National Statistical Office websites are the vital connection between data producers and users. There is no single, correct design, but providing open access to reliable data to the widest range of data users is essential.
The purpose of data is to inform and catalyze action. The Open Data Inventory (ODIN) assesses the coverage and openness of official statistics in 125 countries and 20 data categories. The ODIN scores allow for a multitude of applications that can generate insights in many topical and regional areas of interest.
The recently released 2015 Open Data Inventory (ODIN) assessed the openness and coverage of official statistics for 125 countries in 20 data categories. Only 7% of the categories got full points for data coverage, and no category in any country got full points for data openness. But there are ways National Statistical Offices (NSOs) can readily improve this.
The landmark report by the Independent Expert Advisory Group to the United Nations Secretary General — A World That Counts: Mobilizing the data revolution for sustainable development — spotlights the increasing demands and opportunities for national statistical systems.
This article reviews three indexes that assess the openness or quality of data produced by national governments: The Open Data Barometer (ODB), the Open Data Index (ODI), and the World Bank’s Statistical Capacity Index (SCI).
In the last five years, many national governments have announced open data initiatives, and states and cities have joined in. Releasing data openly should make governments more credible.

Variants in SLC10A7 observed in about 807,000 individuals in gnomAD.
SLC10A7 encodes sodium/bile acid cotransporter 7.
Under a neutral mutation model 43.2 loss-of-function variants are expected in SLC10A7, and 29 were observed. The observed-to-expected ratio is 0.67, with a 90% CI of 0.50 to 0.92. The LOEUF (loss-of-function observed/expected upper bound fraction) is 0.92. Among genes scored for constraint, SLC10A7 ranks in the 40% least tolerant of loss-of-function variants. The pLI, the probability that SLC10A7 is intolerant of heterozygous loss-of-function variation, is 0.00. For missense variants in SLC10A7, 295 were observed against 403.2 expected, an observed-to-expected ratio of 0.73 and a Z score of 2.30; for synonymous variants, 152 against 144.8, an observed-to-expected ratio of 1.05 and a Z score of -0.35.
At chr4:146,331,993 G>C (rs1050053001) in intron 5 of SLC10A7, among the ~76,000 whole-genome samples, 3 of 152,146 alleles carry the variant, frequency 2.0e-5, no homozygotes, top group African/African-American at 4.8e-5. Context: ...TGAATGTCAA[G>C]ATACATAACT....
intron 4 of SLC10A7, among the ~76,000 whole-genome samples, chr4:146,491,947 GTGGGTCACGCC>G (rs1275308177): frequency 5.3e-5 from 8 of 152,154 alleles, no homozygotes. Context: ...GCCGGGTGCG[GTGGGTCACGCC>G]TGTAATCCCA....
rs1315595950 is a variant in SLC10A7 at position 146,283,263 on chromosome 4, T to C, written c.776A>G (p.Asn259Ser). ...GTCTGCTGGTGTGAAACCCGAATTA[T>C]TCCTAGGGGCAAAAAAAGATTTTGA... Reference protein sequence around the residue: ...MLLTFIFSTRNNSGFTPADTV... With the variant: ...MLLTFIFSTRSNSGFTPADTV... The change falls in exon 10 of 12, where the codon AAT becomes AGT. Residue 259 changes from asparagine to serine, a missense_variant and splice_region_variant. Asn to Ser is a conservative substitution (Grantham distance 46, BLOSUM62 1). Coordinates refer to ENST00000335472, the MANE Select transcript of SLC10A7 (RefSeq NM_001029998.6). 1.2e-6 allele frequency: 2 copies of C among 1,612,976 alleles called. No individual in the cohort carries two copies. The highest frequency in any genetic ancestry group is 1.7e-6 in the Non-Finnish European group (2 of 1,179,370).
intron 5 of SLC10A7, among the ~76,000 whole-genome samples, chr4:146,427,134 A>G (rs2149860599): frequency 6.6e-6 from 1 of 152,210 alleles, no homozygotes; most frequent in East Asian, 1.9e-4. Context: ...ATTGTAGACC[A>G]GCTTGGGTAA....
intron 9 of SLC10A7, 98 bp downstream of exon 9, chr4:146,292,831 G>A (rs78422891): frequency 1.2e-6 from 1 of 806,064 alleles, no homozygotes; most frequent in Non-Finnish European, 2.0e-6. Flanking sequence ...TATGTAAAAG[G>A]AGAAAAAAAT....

Solid, practical, technical assistance must always leverage the energy and diversity of many partners. Many governmental and international agencies, civil society organizations, academic institutions, private foundations, and professional societies are already deeply committed to improving the quality and accessibility of development data.
Official statistics provide an indispensable element in the information system of a democratic society, serving the Government, the economy and the public with data about the economic, demographic, social and environmental situation.
The call for open data has been closely linked with the global advocacy campaign for good governance founded upon the principles of transparency and accountability. Starting in North America and Europe and now spreading to developing economies, country after country has announced open data policies, mined archives for releasable data sets, and remade websites to highlight data releases.
If you are developing Open Data applications, best to keep in mind the growing mobile market. While you may think your clients are still sitting behind desktop machines or balancing laptops on their knees, there may also be lots of data hungry mobile users who should not be neglected.